Recognition - Character
It looked great, sleek lines, lovely grain across the table top. After dragging his palm across the surface, he tapped his knuckles on the table top. His smile dropped and he turned away. This was not the table for him. His gentle tap has told him that despite the surface looking great, it was a veneer and was not solid wood.
A friend of mine, Andy Stewart, is a brand expert and author. When you chat to him about brand, he will explain that good brand is not just an add on or a colour palette. Good brand is something that is at the core of the organisation, at the heart of a leader and pervades every part of the organisation. Your brand should not be like a veneer, a marketing gimic laid on top. Your brand should be the grain within solid wood, pervading everything.
I would argue that your brand is your culture. The two should be synonymous.
Let’s take Everyday Leaders brand. We are all about inspiring and equipping those that we work with. You should find it in the coaching, the training, the book, the blogs and podcasts. But for this to be truly brand, it should be in the culture of the organisation. You should see it in conversations between the team of associates, sharing good practice. You should experience it when Chloe, our office manager answers the phone or sends an email.
If a brand is just about external and it is not part of our culture then it doesn’t take much to discover that is just a veneer. We should ‘be’ the brand in every conversation and interaction.
Now we probably all know the Peter Ducker quote, ‘culture eats strategy for breakfast’, which implies that the culture of your company always determines success regardless of how effective your strategy may be. But what is good culture and brand?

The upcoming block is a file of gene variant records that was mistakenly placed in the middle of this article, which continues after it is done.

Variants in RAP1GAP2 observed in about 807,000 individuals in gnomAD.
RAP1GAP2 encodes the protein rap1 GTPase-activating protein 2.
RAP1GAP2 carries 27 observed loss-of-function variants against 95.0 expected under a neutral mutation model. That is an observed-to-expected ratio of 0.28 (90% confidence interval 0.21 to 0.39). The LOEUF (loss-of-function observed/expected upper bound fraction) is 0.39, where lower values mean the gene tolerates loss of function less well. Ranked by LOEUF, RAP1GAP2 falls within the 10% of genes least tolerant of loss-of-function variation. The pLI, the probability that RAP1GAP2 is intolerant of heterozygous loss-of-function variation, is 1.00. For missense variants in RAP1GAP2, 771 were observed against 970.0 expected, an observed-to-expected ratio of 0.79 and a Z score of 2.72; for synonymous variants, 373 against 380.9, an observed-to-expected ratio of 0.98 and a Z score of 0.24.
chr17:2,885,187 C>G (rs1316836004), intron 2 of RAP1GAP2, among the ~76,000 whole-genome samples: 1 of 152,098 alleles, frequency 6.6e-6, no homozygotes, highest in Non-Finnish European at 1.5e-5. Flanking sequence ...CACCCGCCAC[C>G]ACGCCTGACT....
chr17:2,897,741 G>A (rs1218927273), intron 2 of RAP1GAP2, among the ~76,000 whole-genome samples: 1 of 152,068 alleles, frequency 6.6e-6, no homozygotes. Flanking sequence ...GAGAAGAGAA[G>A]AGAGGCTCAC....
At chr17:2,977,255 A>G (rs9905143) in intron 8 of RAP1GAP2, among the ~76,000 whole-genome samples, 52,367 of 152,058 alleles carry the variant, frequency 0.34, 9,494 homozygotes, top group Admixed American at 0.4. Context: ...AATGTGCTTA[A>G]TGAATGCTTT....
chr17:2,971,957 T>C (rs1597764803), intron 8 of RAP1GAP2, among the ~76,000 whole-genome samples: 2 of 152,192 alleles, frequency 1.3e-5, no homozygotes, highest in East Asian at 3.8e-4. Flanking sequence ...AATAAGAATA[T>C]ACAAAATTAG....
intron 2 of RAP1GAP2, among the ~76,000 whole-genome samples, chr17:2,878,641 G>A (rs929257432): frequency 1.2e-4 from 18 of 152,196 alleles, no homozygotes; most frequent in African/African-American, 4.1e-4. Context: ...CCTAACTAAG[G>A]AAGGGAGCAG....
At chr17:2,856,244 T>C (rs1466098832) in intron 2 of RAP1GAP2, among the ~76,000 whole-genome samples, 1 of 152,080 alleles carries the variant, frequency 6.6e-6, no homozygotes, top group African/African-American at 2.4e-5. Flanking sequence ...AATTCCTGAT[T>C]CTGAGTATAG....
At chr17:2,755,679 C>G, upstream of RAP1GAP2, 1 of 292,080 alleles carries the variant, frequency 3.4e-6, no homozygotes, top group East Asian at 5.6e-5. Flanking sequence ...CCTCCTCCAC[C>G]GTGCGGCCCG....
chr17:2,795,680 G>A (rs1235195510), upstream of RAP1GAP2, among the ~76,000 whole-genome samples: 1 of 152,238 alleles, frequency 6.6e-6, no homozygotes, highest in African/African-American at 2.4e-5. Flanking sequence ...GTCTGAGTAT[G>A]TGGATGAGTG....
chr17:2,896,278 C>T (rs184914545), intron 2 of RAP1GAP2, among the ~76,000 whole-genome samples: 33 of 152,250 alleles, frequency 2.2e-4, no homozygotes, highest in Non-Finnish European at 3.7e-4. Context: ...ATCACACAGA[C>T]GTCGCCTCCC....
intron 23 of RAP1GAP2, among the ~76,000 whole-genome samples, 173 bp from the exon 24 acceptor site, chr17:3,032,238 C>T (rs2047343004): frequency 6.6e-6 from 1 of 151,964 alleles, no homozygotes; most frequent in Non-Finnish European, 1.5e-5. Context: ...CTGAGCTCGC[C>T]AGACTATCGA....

There is a brilliant book by Daniel Coyle, called ‘The Culture Code’. In it he outlines the core elements of a good culture and how to achieve it. He outlines
Safety – it feels like a family and you can make mistakes and be supported
Chemistry – a sense of connection, demonstrated in great eye contact with one another
Leadership – leaders who ‘fill your cup’ and lead with ‘muscular humility’
Communication – short bursts of talking and listen in equal measure
Vulnerability – ‘Vulnerability loops’ making it safe for you to be vulnerable and AARs (After Action Reviews) to improve things
I highly recommend you read the book. It can act as a great measuring stick to your own culture.
So, how do you create that kind of culture? Of course, it takes a lot of hard work and focus. It takes getting the right people on board who in the words of Patrick Lencioni are Humble, Hungry (for team success) and Smart (emotionally intelligent). But one of the key ways to grow it, is through the Power of Praise and recognition. I often tell participants on my training about ‘Meerkat Moments’. These are the moments that when you praise the things that you want to see, then people’s attention is drawn to it, just like a meerkat’s attention is drawn to where the noise is. It is also about ‘Miranda Moments’. Miranda Moments are when, like the TV character Miranda when she turns to the camera and explains herself, you turn to colleagues and explain why you are doing something that aligns to the culture that you want.
So, in order for you to grow the culture that you want, you have to recognise the culture.
Recognise the culture that you want. Be clear yourself.
Recognise it by explaining it to people.
Recognise it by praising it when you see it in action.
Recognise it by explaining why you do things that align to the culture that you want.
The power of praise can help foster and grow your culture. Now that is power.
If you would like help with considering brand then we highly recommend the ‘Lunchbox Seminar’ that Andy Stewart will be speaking at on Tuesday 23rd February 12pm with the Stowmarket Chamber of Commerce. It will inspire you about being ‘On Brand’. https://stowmarketchamber.co.uk/online-seminars/
If you would like help through coaching or training on how to identify your organisation’s identity, improve your culture or the use of praise, then please do contact us and we would love to help you. email@example.com